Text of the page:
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Transfusion and postoperative outcome in Pediatric Abdominal Surgery: Is transfusion a morbidity factor in Pediatric Abdominal surgical patients?

International Conference on Pediatrics & Neonatal Healthcare
March 14-15, 2019 | London, UK

Claudine Kumba, Querciagrossa S, Blanc T and Treluyer JM

Necker Sick Children’s University Hospital, France

Scientific Tracks Abstracts : Curr Pediatr Res

DOI: 10.4066/0971-9032-C1-011


Background: Intraoperative and postoperative Morbi-mortality factors are multiple in pediatric patients. Studies in pediatric cardiac surgery and intensive care patients have identified transfusion as one independent factor among others. This study was undertaken to investigate whether transfusion was an independent factor of Morbi-mortality in pediatric abdominal surgical patients.

Objectives: To identify Morbi-mortality risk factors in intraoperatively transfused and not transfused pediatric abdominal surgical patients.

Design: Retrospective observational descriptive pediatric cohort study.

Setting: Monocentric pediatric tertiary center, Necker Enfants Malades University Hospital Paris, from 1 January 2014 to 17 Mai 2017.

Patients: 193 patients with a median age of 27.5 months [1.0- 100.5] were included. Inclusion criteria were the presence or the absence of transfusion in the intraoperative period in abdominal surgery patients. Exclusion criterion was transfusion in the postoperative period until discharge from Hospital and non-abdominal surgical patients.

Main outcome measures: Primary outcome was mortality and secondary outcome was morbidity in transfused and non-transfused patients. Mortality was assessed by deaths occurring intraoperatively or postoperatively during the entire hospitalization. Morbidity was assessed by intraoperative, postoperative complications, repeat surgery, length of stay in the intensive care unit, in the hospitalization ward, total length of stay in hospital and length of mechanical ventilation.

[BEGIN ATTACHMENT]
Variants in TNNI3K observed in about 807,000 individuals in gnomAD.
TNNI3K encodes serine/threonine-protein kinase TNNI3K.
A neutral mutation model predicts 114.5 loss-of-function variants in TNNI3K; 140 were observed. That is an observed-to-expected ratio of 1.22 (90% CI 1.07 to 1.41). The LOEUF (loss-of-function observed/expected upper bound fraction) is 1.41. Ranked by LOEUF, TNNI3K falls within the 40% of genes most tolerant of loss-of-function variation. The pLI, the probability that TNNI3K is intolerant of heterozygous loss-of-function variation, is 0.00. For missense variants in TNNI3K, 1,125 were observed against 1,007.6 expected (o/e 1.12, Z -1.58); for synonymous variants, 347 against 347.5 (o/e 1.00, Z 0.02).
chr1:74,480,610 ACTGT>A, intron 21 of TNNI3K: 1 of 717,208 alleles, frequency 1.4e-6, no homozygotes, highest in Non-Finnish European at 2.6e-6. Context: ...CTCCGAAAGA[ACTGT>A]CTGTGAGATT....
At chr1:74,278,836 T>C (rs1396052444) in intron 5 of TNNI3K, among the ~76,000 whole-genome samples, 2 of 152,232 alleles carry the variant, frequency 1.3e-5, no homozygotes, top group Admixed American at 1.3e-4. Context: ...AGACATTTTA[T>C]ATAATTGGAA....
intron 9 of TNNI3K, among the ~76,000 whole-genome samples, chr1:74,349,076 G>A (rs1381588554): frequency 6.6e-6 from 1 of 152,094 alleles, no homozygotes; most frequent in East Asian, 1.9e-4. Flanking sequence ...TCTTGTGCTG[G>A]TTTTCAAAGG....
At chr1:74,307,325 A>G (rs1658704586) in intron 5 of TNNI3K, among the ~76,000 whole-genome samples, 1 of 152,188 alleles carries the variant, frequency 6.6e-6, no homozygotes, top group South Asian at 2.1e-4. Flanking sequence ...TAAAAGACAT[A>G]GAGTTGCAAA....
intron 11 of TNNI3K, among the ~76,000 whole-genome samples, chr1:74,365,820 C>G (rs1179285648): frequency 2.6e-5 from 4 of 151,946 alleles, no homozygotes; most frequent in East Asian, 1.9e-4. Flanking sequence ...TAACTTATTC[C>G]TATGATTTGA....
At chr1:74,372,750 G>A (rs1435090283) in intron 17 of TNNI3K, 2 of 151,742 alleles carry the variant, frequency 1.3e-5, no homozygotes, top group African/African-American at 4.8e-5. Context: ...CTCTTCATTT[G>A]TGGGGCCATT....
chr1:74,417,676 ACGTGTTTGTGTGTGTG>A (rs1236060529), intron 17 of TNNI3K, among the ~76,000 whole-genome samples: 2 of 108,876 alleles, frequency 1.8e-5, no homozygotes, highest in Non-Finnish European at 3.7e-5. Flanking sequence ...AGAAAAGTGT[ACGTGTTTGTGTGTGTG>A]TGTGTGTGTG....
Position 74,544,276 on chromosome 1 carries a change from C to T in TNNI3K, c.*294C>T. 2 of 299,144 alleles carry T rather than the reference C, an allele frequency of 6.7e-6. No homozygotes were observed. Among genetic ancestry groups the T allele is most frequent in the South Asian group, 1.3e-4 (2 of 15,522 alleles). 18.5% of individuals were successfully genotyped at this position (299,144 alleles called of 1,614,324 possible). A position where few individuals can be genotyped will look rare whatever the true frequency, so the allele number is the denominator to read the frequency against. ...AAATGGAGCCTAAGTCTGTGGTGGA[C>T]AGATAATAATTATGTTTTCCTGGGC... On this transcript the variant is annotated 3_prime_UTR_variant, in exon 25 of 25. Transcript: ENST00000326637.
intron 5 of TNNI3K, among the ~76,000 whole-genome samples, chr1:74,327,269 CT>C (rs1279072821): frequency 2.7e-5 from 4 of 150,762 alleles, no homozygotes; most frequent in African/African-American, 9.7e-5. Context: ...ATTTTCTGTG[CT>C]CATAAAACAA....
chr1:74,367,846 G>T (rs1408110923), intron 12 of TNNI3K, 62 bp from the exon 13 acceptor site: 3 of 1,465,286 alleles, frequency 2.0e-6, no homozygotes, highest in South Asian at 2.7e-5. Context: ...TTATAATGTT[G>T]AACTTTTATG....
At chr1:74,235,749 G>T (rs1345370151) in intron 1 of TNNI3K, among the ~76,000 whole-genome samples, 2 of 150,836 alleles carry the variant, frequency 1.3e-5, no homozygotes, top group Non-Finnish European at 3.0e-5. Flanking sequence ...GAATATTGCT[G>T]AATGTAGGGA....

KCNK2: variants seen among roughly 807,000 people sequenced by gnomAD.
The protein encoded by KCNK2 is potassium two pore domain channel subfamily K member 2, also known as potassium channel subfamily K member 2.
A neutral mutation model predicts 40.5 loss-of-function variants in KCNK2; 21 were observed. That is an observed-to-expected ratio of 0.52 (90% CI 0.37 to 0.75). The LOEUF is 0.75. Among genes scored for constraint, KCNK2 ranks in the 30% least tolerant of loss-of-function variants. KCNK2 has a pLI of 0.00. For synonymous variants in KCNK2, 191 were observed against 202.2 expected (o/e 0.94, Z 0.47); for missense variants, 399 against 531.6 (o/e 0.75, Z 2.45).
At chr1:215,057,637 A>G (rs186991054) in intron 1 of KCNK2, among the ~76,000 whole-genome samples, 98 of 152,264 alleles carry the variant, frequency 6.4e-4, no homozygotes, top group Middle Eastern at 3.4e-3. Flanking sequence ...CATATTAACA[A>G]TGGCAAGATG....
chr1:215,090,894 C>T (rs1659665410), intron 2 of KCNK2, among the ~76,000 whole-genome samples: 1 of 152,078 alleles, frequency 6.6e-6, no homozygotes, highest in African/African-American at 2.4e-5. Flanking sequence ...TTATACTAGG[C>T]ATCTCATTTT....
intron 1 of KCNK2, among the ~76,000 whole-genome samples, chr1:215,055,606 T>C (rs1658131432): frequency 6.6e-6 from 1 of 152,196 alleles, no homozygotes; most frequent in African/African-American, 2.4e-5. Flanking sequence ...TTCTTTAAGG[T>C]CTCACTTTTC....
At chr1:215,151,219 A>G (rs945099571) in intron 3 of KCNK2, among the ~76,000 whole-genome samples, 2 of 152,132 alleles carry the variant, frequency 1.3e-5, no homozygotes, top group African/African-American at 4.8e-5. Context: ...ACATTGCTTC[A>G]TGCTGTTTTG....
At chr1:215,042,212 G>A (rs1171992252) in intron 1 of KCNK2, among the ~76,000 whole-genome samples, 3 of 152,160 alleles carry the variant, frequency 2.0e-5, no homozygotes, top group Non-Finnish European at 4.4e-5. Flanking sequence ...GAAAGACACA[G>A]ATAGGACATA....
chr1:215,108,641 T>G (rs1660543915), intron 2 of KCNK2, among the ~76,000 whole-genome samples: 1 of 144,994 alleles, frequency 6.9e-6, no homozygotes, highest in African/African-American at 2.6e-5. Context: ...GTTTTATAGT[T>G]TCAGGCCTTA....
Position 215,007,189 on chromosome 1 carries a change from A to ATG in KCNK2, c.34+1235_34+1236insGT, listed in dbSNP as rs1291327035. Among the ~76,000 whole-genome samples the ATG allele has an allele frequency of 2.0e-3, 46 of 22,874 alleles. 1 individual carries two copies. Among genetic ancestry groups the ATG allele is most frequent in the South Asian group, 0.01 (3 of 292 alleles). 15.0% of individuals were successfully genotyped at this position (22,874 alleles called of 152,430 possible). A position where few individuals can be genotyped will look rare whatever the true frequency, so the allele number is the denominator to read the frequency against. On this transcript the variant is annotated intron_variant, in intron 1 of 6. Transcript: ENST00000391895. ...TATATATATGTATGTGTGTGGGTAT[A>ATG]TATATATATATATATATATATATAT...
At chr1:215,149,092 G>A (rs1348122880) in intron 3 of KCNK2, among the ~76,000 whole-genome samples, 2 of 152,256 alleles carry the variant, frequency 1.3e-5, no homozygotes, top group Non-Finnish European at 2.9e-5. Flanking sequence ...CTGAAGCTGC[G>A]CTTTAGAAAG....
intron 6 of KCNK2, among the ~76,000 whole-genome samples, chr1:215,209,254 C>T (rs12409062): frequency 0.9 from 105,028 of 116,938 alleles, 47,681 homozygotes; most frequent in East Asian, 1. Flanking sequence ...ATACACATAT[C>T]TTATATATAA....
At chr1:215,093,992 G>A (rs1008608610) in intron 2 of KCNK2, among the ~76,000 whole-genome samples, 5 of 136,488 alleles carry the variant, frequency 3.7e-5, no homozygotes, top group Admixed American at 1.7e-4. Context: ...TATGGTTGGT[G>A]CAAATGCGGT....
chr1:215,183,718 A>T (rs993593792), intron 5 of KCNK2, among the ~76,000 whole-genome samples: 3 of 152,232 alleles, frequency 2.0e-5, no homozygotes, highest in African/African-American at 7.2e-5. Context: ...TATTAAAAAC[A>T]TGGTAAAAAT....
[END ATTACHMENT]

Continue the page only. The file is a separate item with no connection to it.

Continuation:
Results: Transfusion was the independent predictive risk factor for postoperative complications (odds ratio 1.14; p-value 0.02) and an independent predictive risk factor for repeat surgery (odds ratio 1.11; p-value 0.01). Emergency surgery was an independent predictive risk factor for repeat surgery (odds ratio 5.63; p-value 0.01). Transfusion, age, emergency surgery and ASA score status were independent predictive risk factors for length of stay in the intensive care unit, total length of hospital stay and length of mechanical ventilation (p-value<0.01).

Conclusion: Transfusion was identified as an independent morbidity risk factor among others in this pediatric population. Identifying these factors in order to implement improvement measures can upgrade patient postoperative outcome. One of these measures is to implement transfusion protocols in which blood product administration is guided by point of care devices such as viscoelastic methods which can contribute to reduce transfusion intraoperatively in potential hemorrhagic surgical interventions.


Claudine Kumba graduated as a Medical Doctor in 2001 and completed her specialization in Anesthesiology in 2006 at the Free University of Brussels (ULB, Université Libre de Bruxelles). She has a Paediatric Anaesthesia specialisation graduation since 2010 from the University of Aix- Marseille, Marseille, France. She has a Critical Care Medicine specialization graduation since 2014 from the University of Montpellier 1, Montpellier, France. She is a paediatric anaesthesiologist in Necker Sick Children’s University Hospital in Paris, France. She has 12 publications and 17 citations. She is a member of the European Society of Paediatric Anaesthesiology (ESPA), the French Society of Anaesthesia and Critical Care (SFAR, Société Française d’Anesthésie-Réanimation) and the French Association for Paediatric Anaesthesiolgists and Intensivists) (ADARPEF, Association d’Anesthésistes et Réanimateurs Pédiatriques d’Expression Française) and the Belgian Association for Paediatric Anaesthesiology (BAPA). 

E-mail: [email protected]

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